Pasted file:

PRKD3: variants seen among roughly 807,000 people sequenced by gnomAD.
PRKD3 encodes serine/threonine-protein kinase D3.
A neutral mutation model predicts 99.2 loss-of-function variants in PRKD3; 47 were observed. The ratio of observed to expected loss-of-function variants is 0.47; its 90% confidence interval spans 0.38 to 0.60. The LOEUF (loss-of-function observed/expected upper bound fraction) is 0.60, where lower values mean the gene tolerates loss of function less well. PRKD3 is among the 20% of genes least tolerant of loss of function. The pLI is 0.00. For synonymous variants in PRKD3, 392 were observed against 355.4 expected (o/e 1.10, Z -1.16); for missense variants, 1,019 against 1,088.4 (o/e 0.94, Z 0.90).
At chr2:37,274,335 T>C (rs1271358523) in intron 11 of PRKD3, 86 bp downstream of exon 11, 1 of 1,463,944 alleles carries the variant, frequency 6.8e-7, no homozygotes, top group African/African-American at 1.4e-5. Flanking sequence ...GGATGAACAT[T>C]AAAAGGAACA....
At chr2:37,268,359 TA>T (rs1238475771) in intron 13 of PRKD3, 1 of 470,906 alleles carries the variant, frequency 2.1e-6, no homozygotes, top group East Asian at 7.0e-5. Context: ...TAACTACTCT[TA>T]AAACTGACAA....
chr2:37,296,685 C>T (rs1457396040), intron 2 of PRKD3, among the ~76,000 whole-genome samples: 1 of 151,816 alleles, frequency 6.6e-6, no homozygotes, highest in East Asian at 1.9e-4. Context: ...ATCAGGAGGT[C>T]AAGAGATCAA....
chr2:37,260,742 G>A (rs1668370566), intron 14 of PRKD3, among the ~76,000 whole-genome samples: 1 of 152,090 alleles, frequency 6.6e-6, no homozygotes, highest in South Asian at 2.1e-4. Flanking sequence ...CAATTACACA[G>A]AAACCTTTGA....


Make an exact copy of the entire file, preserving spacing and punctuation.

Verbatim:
PRKD3: variants seen among roughly 807,000 people sequenced by gnomAD.
PRKD3 encodes serine/threonine-protein kinase D3.
A neutral mutation model predicts 99.2 loss-of-function variants in PRKD3; 47 were observed. The ratio of observed to expected loss-of-function variants is 0.47; its 90% confidence interval spans 0.38 to 0.60. The LOEUF (loss-of-function observed/expected upper bound fraction) is 0.60, where lower values mean the gene tolerates loss of function less well. PRKD3 is among the 20% of genes least tolerant of loss of function. The pLI is 0.00. For synonymous variants in PRKD3, 392 were observed against 355.4 expected (o/e 1.10, Z -1.16); for missense variants, 1,019 against 1,088.4 (o/e 0.94, Z 0.90).
At chr2:37,274,335 T>C (rs1271358523) in intron 11 of PRKD3, 86 bp downstream of exon 11, 1 of 1,463,944 alleles carries the variant, frequency 6.8e-7, no homozygotes, top group African/African-American at 1.4e-5. Flanking sequence ...GGATGAACAT[T>C]AAAAGGAACA....
At chr2:37,268,359 TA>T (rs1238475771) in intron 13 of PRKD3, 1 of 470,906 alleles carries the variant, frequency 2.1e-6, no homozygotes, top group East Asian at 7.0e-5. Context: ...TAACTACTCT[TA>T]AAACTGACAA....
chr2:37,296,685 C>T (rs1457396040), intron 2 of PRKD3, among the ~76,000 whole-genome samples: 1 of 151,816 alleles, frequency 6.6e-6, no homozygotes, highest in East Asian at 1.9e-4. Context: ...ATCAGGAGGT[C>T]AAGAGATCAA....
chr2:37,260,742 G>A (rs1668370566), intron 14 of PRKD3, among the ~76,000 whole-genome samples: 1 of 152,090 alleles, frequency 6.6e-6, no homozygotes, highest in South Asian at 2.1e-4. Flanking sequence ...CAATTACACA[G>A]AAACCTTTGA....